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Evaluation of Continuous 24-Hour Intraocular Pressure Monitoring for Assessment of Prostaglandin-induced Pressure Reduction in Glaucoma

Holló, Gábor MD, PhD, DSc*; Kóthy, Péter MD, PhD*; Vargha, Péter MSc

doi: 10.1097/IJG.0b013e31829e5635
Online Articles: Original Studies

Purpose: To evaluate 24-hour continuous intraocular pressure (IOP) monitoring with a telemetric contact lens sensor (CLS) to detect prostaglandin-induced IOP reduction.

Methods: In this prospective interventional study 9 ocular hypertensive and primary open-angle glaucoma patients were washed out from IOP-lowering medication for 6 weeks. One study eye per patient underwent 3 baseline 24-hour measurement curves 4 days apart: 2 curves with Sensimed Triggerfish CLS and 1 curve with Goldmann applanation tonometry (GAT). Then the patients received travoprost monotherapy for 3 months. The 24-hour CLS and GAT curves were repeated on the study eyes under treatment at the end of the third month.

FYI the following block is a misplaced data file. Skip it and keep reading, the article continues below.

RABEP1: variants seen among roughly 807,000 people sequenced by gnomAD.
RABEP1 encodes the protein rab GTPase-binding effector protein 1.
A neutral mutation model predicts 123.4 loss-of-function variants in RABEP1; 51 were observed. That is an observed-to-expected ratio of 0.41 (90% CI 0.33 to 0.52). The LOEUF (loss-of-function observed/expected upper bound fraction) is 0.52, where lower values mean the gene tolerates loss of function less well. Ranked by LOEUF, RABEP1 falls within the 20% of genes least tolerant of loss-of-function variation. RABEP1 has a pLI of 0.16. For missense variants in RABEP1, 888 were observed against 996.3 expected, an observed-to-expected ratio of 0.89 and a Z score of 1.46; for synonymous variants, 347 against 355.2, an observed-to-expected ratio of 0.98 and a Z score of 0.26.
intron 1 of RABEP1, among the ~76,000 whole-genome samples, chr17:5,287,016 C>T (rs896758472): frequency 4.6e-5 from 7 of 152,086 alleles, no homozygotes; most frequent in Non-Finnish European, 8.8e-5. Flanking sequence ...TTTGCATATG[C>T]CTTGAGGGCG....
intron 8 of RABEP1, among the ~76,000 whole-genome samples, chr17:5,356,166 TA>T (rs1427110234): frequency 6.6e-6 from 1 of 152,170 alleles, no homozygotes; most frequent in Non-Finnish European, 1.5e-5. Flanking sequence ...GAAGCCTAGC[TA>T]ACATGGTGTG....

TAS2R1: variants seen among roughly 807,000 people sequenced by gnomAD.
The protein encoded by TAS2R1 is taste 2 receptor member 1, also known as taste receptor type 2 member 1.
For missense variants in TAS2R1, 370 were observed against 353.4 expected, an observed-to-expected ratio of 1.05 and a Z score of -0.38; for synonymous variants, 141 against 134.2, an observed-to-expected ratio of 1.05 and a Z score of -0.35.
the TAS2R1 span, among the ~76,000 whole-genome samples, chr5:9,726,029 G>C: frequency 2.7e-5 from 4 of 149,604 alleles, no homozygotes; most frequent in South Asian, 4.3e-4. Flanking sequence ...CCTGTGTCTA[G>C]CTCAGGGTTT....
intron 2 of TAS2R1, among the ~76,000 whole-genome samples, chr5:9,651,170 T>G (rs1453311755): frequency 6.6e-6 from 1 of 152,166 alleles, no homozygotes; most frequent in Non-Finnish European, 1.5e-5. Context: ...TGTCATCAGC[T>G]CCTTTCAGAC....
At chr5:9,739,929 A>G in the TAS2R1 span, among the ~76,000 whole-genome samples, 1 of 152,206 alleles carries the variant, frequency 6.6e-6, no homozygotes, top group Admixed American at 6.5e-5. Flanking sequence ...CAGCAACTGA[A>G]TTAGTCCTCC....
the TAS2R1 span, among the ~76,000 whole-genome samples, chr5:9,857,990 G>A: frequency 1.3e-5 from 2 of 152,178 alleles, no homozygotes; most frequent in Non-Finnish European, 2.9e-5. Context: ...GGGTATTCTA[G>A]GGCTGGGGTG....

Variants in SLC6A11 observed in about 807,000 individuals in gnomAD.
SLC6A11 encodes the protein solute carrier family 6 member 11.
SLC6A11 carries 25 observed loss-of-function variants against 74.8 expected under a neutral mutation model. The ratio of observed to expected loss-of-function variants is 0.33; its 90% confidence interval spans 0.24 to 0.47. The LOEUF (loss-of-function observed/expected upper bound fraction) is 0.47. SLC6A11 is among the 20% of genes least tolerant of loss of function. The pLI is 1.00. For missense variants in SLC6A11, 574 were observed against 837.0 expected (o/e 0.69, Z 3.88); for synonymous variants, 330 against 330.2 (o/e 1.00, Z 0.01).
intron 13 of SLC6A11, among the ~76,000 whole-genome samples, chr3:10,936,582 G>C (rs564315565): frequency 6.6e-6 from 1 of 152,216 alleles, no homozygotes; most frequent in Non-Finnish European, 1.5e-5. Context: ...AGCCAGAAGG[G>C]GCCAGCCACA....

Results: The 24-hour GAT IOP (mean±SD) decreased from 22.91±5.11 to 18.24±2.49 mm Hg (P<0.001). In contrast, the means of the 3 CLS curves showed no significant difference (152.94, 142.35, and 132.98 au, P=0.273). No difference was seen when the SD values of the 3 CLS curves were compared (133.51, 132.18, and 110.98 au, P=0.497). All CLS curves showed an increasing time trend (P≤0.001). Correlation of all 3 CLS curves of the individual eyes was high (r=0.726), but no correlation was seen between the corresponding CLS curve periods and GAT IOP values either at baseline (r=−0.223, P=0.546) or under treatment (r=0.320, P=0.402). No difference was seen between the erect/sitting (waking) and supine (sleeping) period CLS values (P>0.05).

Conclusions: Our results suggest that the current CLS technique cannot be clinically used to monitor IOP decrease induced by topical medication in glaucoma, and has limited value in identification of transient IOP elevation periods.

*Department of Ophthalmology

Cardiovascular Center, Semmelweis University, Budapest

Disclosure: Supported in part by an unrestricted grant of Alcon Inc. (G.H.). The remaining authors declare no conflict of interest.

Reprints: Gábor Holló, MD, PhD, DSc, 1083 Budapest, Mária u.39. Hungary (e-mail: hg@szem1.sote.hu).

Received October 16, 2012

Accepted May 17, 2013

© 2014 by Lippincott Williams & Wilkins.